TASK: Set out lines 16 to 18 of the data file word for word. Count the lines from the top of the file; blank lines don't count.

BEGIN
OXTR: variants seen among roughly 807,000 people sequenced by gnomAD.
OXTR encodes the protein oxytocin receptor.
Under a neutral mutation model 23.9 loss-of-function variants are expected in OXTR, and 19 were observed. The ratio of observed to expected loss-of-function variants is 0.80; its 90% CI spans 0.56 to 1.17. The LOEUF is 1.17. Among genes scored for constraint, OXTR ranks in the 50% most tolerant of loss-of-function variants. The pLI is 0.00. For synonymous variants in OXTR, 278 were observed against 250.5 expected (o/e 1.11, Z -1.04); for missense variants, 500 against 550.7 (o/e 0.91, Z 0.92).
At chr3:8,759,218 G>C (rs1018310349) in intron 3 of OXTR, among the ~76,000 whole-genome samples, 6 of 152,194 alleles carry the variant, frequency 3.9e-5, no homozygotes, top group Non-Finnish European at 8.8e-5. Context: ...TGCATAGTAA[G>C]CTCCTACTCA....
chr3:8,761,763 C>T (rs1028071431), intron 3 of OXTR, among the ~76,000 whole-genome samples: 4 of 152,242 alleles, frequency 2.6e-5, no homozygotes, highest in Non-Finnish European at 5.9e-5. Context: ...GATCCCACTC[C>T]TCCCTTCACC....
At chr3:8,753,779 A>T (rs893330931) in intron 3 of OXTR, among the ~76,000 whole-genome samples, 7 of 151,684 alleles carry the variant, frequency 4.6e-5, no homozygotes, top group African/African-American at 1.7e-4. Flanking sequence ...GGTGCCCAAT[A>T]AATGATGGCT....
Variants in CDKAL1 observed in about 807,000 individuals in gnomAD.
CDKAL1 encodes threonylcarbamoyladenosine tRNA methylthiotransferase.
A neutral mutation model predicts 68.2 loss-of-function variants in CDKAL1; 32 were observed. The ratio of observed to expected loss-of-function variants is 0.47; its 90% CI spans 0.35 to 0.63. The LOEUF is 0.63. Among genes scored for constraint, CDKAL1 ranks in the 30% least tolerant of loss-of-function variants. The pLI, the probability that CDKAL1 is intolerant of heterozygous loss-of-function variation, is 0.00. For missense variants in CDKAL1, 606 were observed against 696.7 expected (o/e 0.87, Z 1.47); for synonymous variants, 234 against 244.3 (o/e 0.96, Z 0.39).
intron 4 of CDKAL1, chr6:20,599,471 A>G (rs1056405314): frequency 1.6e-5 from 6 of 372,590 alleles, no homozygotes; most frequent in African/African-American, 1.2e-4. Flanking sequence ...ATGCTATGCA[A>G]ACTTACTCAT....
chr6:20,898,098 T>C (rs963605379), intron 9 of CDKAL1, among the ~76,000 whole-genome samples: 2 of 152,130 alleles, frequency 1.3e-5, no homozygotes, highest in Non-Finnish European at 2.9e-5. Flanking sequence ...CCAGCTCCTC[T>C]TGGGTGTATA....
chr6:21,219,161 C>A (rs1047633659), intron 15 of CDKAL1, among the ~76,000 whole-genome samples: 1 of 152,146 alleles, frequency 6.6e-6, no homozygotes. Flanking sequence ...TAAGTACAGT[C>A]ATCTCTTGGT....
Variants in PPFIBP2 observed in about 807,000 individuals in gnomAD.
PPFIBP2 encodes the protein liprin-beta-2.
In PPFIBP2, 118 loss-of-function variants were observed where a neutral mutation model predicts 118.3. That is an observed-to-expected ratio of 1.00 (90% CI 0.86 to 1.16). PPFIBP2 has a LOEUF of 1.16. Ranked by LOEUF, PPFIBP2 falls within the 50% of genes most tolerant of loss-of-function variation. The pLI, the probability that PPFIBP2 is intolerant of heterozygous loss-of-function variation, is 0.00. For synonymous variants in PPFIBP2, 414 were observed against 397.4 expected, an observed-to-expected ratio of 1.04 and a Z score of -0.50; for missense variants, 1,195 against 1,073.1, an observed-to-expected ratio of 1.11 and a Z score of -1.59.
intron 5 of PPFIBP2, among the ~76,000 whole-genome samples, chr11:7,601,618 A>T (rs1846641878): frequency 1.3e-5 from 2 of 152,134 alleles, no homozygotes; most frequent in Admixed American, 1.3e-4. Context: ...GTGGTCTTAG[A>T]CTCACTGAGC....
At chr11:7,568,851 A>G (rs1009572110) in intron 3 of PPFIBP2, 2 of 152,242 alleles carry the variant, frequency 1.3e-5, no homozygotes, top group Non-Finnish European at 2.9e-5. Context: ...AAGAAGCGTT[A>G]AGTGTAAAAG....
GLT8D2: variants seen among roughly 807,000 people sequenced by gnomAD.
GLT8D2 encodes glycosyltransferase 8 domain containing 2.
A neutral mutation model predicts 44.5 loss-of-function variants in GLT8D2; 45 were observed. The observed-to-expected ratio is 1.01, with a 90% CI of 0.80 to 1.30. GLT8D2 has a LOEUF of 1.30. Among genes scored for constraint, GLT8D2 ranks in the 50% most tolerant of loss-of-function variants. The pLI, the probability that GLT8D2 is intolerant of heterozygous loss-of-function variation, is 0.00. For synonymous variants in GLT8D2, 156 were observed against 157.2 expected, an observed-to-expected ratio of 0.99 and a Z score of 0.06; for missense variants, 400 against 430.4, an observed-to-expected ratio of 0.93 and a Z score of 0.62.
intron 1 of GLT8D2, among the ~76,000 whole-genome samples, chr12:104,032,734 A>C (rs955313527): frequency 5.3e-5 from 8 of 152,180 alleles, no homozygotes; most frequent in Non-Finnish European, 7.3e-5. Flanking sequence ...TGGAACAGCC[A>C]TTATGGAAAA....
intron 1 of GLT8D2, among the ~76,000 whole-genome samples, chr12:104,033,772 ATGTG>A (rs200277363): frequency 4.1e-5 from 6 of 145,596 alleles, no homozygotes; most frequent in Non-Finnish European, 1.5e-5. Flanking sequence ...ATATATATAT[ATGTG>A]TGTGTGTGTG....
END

intron 5 of PPFIBP2, among the ~76,000 whole-genome samples, chr11:7,601,618 A>T (rs1846641878): frequency 1.3e-5 from 2 of 152,134 alleles, no homozygotes; most frequent in Admixed American, 1.3e-4. Context: ...GTGGTCTTAG[A>T]CTCACTGAGC....
At chr11:7,568,851 A>G (rs1009572110) in intron 3 of PPFIBP2, 2 of 152,242 alleles carry the variant, frequency 1.3e-5, no homozygotes, top group Non-Finnish European at 2.9e-5. Context: ...AAGAAGCGTT[A>G]AGTGTAAAAG....
GLT8D2: variants seen among roughly 807,000 people sequenced by gnomAD.